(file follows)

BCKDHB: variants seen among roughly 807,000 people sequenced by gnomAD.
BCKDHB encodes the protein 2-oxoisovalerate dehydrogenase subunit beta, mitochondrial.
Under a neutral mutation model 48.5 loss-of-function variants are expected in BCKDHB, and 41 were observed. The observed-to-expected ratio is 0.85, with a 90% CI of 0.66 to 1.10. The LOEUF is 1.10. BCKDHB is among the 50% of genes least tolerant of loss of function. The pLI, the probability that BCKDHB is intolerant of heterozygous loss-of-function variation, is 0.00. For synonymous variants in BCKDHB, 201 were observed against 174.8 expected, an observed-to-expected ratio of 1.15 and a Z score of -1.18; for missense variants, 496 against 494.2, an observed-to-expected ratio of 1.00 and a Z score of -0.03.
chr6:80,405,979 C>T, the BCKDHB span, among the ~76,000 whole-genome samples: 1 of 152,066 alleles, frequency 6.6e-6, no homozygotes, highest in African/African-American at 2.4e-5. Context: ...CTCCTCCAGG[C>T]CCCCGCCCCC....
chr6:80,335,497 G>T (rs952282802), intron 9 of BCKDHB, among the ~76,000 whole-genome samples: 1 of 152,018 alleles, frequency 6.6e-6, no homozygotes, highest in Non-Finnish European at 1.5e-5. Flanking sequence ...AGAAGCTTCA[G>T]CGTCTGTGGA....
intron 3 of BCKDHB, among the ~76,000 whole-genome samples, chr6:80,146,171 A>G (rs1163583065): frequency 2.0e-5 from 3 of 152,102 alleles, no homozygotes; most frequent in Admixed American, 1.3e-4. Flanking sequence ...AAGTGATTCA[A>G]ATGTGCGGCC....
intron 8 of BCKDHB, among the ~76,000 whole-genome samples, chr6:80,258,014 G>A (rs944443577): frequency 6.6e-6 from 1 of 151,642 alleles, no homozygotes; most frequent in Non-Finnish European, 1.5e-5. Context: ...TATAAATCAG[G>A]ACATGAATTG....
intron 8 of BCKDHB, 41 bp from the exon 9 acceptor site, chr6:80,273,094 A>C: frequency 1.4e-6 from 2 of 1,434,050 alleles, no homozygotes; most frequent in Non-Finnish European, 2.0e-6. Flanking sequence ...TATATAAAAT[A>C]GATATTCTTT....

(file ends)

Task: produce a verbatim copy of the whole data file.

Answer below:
BCKDHB: variants seen among roughly 807,000 people sequenced by gnomAD.
BCKDHB encodes the protein 2-oxoisovalerate dehydrogenase subunit beta, mitochondrial.
Under a neutral mutation model 48.5 loss-of-function variants are expected in BCKDHB, and 41 were observed. The observed-to-expected ratio is 0.85, with a 90% CI of 0.66 to 1.10. The LOEUF is 1.10. BCKDHB is among the 50% of genes least tolerant of loss of function. The pLI, the probability that BCKDHB is intolerant of heterozygous loss-of-function variation, is 0.00. For synonymous variants in BCKDHB, 201 were observed against 174.8 expected, an observed-to-expected ratio of 1.15 and a Z score of -1.18; for missense variants, 496 against 494.2, an observed-to-expected ratio of 1.00 and a Z score of -0.03.
chr6:80,405,979 C>T, the BCKDHB span, among the ~76,000 whole-genome samples: 1 of 152,066 alleles, frequency 6.6e-6, no homozygotes, highest in African/African-American at 2.4e-5. Context: ...CTCCTCCAGG[C>T]CCCCGCCCCC....
chr6:80,335,497 G>T (rs952282802), intron 9 of BCKDHB, among the ~76,000 whole-genome samples: 1 of 152,018 alleles, frequency 6.6e-6, no homozygotes, highest in Non-Finnish European at 1.5e-5. Flanking sequence ...AGAAGCTTCA[G>T]CGTCTGTGGA....
intron 3 of BCKDHB, among the ~76,000 whole-genome samples, chr6:80,146,171 A>G (rs1163583065): frequency 2.0e-5 from 3 of 152,102 alleles, no homozygotes; most frequent in Admixed American, 1.3e-4. Flanking sequence ...AAGTGATTCA[A>G]ATGTGCGGCC....
intron 8 of BCKDHB, among the ~76,000 whole-genome samples, chr6:80,258,014 G>A (rs944443577): frequency 6.6e-6 from 1 of 151,642 alleles, no homozygotes; most frequent in Non-Finnish European, 1.5e-5. Context: ...TATAAATCAG[G>A]ACATGAATTG....
intron 8 of BCKDHB, 41 bp from the exon 9 acceptor site, chr6:80,273,094 A>C: frequency 1.4e-6 from 2 of 1,434,050 alleles, no homozygotes; most frequent in Non-Finnish European, 2.0e-6. Flanking sequence ...TATATAAAAT[A>C]GATATTCTTT....